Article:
Independent thesis Advanced level (professional degree), 20 credits / 30 HE credits
As the number CPU cores increases, game-developers struggle to extract as much performance as possible from the underlying hardware. Aside from difficulties in designing software for concurrency, the extensive use of middleware further limits the opportunity for parallelization. Over recent years, several customized parallel solutions for real-time game applications have been developed, threading specific functionality, but a more generic solution is necessary for the future.
The purpose of this project is to design, implement and evaluate an architecture for parallelizing real-time gaming and simulation software. The focus is on scheduling and state-management components that enables transparent performance scalability, for an N-core machine, while suiting a traditional game-framework
A generic design is proposed which allows a game-framework to be configured for several scheduling strategies, depending on the specific application’s requirements. A standard has been created which, synchronously or asynchronously, executes wrapped units of work, tasks, in iterative cycles.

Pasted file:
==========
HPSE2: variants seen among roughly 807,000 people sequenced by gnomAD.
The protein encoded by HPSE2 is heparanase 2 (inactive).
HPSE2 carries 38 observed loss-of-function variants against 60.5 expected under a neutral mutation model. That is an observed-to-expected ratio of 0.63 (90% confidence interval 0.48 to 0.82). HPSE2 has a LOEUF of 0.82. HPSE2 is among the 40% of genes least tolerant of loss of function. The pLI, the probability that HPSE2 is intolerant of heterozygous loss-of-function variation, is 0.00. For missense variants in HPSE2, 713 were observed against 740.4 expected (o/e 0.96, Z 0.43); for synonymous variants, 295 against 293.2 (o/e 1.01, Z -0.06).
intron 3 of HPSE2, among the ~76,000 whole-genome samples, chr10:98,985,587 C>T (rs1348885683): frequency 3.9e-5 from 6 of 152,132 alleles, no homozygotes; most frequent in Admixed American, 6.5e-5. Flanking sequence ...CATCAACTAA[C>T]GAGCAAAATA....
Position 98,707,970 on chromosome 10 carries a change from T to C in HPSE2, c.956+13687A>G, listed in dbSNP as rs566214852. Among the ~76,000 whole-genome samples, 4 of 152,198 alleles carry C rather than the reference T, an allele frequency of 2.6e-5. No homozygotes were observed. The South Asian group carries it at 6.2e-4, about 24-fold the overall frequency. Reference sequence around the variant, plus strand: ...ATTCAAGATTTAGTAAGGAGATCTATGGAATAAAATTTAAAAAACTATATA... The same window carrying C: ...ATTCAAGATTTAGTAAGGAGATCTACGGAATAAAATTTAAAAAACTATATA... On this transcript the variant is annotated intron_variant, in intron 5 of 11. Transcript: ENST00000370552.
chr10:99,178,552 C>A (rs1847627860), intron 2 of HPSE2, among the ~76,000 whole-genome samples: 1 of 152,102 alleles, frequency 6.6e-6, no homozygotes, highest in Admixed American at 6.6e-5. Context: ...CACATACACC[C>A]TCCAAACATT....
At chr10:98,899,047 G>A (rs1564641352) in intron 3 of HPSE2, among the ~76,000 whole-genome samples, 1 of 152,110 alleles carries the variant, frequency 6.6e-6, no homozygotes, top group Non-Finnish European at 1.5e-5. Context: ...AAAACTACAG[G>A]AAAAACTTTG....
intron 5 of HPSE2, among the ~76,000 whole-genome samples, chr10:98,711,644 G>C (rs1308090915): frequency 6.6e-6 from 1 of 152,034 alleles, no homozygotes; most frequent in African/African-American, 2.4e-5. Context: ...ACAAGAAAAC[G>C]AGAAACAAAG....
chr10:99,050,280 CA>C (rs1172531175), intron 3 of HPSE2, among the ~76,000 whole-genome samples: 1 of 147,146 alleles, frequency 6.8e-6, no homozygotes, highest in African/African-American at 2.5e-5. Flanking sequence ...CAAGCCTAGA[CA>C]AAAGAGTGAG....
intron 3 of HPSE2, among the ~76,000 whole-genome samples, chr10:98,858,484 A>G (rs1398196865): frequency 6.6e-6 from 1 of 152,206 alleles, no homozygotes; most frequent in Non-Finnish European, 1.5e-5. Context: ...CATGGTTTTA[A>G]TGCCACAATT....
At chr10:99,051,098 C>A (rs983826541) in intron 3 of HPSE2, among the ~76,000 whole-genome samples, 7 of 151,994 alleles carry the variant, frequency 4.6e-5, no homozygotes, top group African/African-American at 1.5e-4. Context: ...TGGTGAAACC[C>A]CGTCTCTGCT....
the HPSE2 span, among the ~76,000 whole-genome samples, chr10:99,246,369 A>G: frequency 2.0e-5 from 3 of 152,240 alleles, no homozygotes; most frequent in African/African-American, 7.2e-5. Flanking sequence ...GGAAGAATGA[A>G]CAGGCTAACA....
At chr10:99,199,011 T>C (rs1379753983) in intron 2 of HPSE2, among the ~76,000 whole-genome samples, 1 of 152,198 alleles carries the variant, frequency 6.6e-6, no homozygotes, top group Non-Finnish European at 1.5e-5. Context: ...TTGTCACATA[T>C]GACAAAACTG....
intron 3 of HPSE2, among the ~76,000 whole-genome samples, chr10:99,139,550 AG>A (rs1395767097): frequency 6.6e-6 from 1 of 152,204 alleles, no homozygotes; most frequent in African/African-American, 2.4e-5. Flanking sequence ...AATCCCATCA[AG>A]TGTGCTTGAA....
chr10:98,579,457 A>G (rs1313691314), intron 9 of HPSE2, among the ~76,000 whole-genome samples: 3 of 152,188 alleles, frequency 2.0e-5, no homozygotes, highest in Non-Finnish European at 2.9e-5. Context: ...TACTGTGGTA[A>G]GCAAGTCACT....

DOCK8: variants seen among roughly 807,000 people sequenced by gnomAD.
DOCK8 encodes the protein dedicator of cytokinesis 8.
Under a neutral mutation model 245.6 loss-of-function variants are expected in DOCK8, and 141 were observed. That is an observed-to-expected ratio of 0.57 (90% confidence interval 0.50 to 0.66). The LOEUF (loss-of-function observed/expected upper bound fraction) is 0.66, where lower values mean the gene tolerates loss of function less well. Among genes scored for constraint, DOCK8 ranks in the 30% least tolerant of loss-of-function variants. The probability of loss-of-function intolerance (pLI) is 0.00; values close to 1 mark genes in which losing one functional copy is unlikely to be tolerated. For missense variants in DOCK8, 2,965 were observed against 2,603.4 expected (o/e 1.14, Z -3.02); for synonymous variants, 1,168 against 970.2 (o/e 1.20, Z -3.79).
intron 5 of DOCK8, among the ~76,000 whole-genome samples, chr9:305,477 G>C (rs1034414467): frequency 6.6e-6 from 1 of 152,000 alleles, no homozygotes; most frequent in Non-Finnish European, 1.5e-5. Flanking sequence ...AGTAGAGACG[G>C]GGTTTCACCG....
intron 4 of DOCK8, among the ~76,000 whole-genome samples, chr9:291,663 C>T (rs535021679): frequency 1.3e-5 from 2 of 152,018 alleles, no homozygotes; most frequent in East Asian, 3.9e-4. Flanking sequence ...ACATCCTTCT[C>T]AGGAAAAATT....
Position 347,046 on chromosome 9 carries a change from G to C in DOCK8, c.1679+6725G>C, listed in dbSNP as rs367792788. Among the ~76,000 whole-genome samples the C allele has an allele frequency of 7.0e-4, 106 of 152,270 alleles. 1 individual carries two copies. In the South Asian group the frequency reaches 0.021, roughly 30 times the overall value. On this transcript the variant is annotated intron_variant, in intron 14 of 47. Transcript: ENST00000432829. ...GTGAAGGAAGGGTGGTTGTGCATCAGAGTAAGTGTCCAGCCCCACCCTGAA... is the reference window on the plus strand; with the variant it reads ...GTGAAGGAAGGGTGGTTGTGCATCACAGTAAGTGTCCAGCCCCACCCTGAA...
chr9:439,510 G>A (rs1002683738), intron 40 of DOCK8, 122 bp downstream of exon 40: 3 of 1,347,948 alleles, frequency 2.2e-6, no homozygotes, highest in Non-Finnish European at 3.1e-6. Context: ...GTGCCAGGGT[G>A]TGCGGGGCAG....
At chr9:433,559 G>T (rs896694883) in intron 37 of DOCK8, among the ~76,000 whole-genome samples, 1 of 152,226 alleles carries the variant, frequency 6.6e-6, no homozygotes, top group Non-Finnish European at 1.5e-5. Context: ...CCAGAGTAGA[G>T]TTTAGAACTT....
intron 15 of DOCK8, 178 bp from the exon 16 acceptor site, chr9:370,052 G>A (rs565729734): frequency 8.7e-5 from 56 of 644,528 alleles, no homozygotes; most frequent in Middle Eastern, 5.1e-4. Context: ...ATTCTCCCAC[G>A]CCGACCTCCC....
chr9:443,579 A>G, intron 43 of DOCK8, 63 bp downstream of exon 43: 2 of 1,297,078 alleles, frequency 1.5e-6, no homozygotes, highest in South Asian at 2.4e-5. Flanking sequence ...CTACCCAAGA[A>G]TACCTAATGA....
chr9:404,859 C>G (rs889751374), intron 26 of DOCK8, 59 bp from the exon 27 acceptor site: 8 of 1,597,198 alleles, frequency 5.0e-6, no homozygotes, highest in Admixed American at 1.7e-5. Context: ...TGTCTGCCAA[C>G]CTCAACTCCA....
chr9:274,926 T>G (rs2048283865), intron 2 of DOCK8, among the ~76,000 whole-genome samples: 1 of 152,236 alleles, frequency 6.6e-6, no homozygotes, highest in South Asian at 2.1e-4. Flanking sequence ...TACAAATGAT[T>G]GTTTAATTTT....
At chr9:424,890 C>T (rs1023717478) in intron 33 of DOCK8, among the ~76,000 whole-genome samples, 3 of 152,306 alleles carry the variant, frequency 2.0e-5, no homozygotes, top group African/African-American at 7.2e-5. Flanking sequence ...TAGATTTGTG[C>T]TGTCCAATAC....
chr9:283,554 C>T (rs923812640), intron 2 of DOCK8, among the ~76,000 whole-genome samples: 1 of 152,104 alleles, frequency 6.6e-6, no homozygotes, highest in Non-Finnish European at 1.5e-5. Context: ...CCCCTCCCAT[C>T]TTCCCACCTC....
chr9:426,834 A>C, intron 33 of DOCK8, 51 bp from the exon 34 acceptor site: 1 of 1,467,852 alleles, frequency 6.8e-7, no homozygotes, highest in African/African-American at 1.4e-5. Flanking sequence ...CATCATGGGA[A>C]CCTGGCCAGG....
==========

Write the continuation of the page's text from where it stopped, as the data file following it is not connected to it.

Furthermore, a centralized state manager has been developed, tailored for a distributed component-based entity-system, supporting two major synchronization strategies: either deferring state-change notifications to an exclusive propagation point, or immediately propagating state-changes with locks to guarantee thread-safety.
To evaluate the proposed architecture a demo application has been developed to run a flocking behavior simulation with typical game-related functional blocks such as: rendering, physics, AI, input handling etc. The demo achieves scalable performance benefits through exploiting dataparallelism and dynamically batching entity-processing to maintain an appropriate taskgranularity. A comparison between the two major synchronization strategies revealed a marginal performance benefit when deferring state-change notifications and supporting exclusive propagation.
2010. , 92 p.